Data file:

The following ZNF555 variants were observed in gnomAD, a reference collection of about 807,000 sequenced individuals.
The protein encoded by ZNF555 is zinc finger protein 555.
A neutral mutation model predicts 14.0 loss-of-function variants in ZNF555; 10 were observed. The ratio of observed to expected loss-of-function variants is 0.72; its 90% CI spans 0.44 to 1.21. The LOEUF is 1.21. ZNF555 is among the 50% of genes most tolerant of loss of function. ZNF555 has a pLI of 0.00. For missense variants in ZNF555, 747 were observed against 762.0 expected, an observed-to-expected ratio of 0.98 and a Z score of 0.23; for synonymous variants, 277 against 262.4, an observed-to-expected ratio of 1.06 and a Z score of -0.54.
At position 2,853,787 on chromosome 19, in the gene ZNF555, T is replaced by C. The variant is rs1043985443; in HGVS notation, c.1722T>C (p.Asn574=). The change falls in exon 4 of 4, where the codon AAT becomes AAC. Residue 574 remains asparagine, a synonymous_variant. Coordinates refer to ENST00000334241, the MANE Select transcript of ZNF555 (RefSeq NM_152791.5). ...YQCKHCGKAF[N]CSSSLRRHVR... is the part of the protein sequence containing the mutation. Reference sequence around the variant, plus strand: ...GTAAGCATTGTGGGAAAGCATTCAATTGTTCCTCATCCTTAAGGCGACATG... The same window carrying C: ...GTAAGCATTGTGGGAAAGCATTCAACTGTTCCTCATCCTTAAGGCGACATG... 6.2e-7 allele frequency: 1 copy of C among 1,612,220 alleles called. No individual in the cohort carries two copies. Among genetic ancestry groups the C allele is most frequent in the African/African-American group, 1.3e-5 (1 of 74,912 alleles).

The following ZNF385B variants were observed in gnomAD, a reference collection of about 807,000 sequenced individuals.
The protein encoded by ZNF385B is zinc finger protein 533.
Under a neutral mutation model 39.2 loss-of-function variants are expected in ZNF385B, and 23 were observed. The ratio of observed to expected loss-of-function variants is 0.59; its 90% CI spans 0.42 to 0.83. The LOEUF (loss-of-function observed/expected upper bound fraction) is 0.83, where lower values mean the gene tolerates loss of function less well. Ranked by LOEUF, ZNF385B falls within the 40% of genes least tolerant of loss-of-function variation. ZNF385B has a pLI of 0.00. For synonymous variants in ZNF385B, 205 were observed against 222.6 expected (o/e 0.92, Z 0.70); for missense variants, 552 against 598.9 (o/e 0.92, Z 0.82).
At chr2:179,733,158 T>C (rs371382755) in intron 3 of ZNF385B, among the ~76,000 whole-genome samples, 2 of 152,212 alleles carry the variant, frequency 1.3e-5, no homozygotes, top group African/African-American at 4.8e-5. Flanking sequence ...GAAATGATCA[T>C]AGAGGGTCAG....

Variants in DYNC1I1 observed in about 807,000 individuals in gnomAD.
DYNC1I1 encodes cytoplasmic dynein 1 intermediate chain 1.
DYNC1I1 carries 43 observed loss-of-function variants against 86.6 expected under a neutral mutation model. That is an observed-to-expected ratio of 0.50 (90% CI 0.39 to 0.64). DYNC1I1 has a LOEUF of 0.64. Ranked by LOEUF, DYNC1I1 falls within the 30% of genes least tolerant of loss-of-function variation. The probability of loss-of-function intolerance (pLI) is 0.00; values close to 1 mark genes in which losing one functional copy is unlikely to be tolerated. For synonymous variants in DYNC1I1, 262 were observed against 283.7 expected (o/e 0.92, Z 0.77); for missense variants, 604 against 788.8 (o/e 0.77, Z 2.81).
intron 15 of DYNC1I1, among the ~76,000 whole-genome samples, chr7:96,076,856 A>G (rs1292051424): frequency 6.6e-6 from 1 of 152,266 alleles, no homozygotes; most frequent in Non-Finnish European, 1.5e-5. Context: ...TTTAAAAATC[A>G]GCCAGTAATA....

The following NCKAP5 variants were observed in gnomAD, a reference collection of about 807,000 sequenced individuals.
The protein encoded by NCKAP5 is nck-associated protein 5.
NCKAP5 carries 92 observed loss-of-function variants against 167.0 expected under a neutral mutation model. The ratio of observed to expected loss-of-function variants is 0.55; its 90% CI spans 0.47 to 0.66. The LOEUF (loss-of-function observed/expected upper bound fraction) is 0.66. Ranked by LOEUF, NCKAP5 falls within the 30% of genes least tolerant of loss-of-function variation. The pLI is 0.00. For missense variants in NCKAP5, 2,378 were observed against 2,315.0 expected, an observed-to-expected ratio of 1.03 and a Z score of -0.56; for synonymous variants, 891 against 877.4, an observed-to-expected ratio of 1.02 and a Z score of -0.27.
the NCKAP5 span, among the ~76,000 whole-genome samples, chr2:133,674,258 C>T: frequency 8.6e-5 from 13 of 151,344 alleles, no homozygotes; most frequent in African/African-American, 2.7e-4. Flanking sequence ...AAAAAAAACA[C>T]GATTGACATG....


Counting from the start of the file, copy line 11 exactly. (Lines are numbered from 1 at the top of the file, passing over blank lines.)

DYNC1I1 carries 43 observed loss-of-function variants against 86.6 expected under a neutral mutation model. That is an observed-to-expected ratio of 0.50 (90% CI 0.39 to 0.64). DYNC1I1 has a LOEUF of 0.64. Ranked by LOEUF, DYNC1I1 falls within the 30% of genes least tolerant of loss-of-function variation. The probability of loss-of-function intolerance (pLI) is 0.00; values close to 1 mark genes in which losing one functional copy is unlikely to be tolerated. For synonymous variants in DYNC1I1, 262 were observed against 283.7 expected (o/e 0.92, Z 0.77); for missense variants, 604 against 788.8 (o/e 0.77, Z 2.81).